It’s October. The colors of fall are beginning to appear.
But in October we are also flooded with a sea of pink. The pink that shows our support for breast cancer awareness.
I’m a firm believer that if we’re really going to do something to help tackle breast cancer, we need to talk prevention. We need to be looking at the kind of foods, drinks and products we are putting in and on our bodies on a regular basis. So, if you would, please put aside the bake sales full of sugar and processed, chemically-filled ingredients. Please stop the boozing at bars (yes it’s a thing in my town now) as a way to raise money for “the cure” when the very act of consuming alcoholic beverages can significantly increase a women’s chance of getting breast cancer. (Click here for more info on alcohol and breast cancer risk).
I know people often have the best intentions and raising money for the cause is very important. But the last thing we need to do is to contribute to the problem by confusing the public.
We need to raise awareness about the need for PREVENTION. Not just the CURE.
According to research from the American Cancer Society, dietary factors play a significant role in cancer risk. At least one-third of annual cancer deaths in the United States are due to dietary factors. Up to 80 percent of cancers, particularly of the large bowel, breast, and prostate are diet related. That’s a huge number!
For that reason, the Physician’s Committee for Responsible Medicine put together a campaign, and they want people to consider swapping their pink ribbon for orange to show support for dietary prevention. Research suggests that consuming a diet high in fruits and vegetables rich in carotenoids (those with orange and red hues) can actually help reduce your risk. For more info on this campaign click here.
So, what are some other steps you can take right now to help reduce your risk?
One thing, is to remove as much heavily processed and chemically altered foods from your diet as possible. That may automatically help to reduce the amount of sugar and artificial and nutritionally inadequate calories you will be ingesting. In addition, when much of the diet consists largely of processed foods, it can lead to being overweight and obese, a significant factor in developing cancer. For a great guide on how to minimize processed foods in your diet check out this from 100 days of Real Food.
Next, build up your arsenal of plant-based foods in the pantry and fridge (while minimizing your intake of red meat and dairy products, which have both been linked to increase cancer risk). This blog largely began as a way to show you how to do just that.
Unfortunately, there are many chemicals in our everyday beauty and household cleaning products that can be harmful to your health and could be contributing to your risk of getting breast cancer. Breast Cancer Prevention Partners, a science based advocacy organization whose purpose is to help prevent breast cancer by reducing our exposure to chemicals and radiation, has put together some extremely valuable resources to help make a real difference through prevention. I’ve also shared some great info related to chemicals in makeup and beauty products on my Facebook page this week. No pink fluff here!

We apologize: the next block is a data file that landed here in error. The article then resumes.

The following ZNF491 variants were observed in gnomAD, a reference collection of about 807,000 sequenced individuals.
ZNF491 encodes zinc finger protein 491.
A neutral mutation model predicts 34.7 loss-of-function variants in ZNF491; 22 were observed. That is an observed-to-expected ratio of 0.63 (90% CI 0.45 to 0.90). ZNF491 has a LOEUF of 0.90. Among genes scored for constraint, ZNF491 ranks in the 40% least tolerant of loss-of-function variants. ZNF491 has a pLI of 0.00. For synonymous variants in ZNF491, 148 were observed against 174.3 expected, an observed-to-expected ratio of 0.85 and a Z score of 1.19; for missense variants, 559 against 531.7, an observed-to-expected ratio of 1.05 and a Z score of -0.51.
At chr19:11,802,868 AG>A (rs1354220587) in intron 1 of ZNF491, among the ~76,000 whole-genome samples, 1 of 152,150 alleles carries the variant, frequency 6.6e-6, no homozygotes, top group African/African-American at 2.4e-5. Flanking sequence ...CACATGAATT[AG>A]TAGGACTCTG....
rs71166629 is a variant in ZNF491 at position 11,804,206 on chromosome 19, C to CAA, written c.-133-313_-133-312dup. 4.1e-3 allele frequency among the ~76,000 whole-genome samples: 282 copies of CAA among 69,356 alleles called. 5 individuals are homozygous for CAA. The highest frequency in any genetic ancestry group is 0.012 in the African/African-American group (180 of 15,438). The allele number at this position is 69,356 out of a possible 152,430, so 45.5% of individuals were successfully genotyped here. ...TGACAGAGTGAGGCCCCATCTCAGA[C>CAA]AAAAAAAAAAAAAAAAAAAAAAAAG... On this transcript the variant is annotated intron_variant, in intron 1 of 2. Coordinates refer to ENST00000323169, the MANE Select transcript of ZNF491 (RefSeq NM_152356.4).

Now…onto the good stuff.
Here is a great salad full all those cancer fighting nutrients I was talking about! Butternut squash, brussels sprouts, apples and cranberries come together in a pasta salad tossed with a sweet and tangy honey apple cider vinegar. Sounds enticing doesn’t it?
And what is fregola you ask? Good question.
Fregola are tiny little round pellets of Italian pasta made from semolina wheat. They’re a nutty and more flavorful alternative to pasta AND have more fiber and nutrients than regular white pasta. They go very well with all kinds of veggies. You can find it in most grocery stores and Italian specialty markets. If you can’t find fregola, Israeli couscous is a good substitute.
The salad makes a great appetizer or side dish for the holidays too. Looks so pretty when presented on the table.
To Make the Honey Cider Dressing:
2 tbsp apple cider vinegar
2 tbsp honey
2 tsp grainy mustard (I use Maille Old Style mustard) *please use a good quality mustard as this will make a difference in the flavor of your dressing
1/3 cup extra virgin olive oil
1/4 tsp coarse salt
pinch of pepper
Directions: Whisk (or shake) together all ingredients in a bowl or ball jar.
- 1 lb fregola
- 2 cups butternut squash cut into one inch cubes (use pre-cut squash to save time)
- 2 cups baby brussels sprouts (halved) or regular size (quartered)
- ½ cup dried cranberries
- 1 golden delicious apple (cut into one inch cubes)
- few pinches of coriander
- fresh nutmeg
- coarse salt
- olive oil cooking spray
- generous pinch of pepper
- honey cider dressing (see above)
- Preheat oven to 450 F.
- In a large pot of boiling water, cook the fregola about 8-10 min until tender.
- Drain and set aside in a large serving bowl to cool.
- On a separate baking sheet spay the butternut squash and brussel sprouts with cooking spray then toss together with the salt, pepper, a pinch of coriander and a little freshly grated nutmeg.
- Roast veggies until golden and fork tender about 15 min.
- Add the veggies to the fregola and combine with the dressing.
- Season to taste with salt and pepper.
- Option* add in some fresh chopped walnuts for crunch or freshly chopped herbs.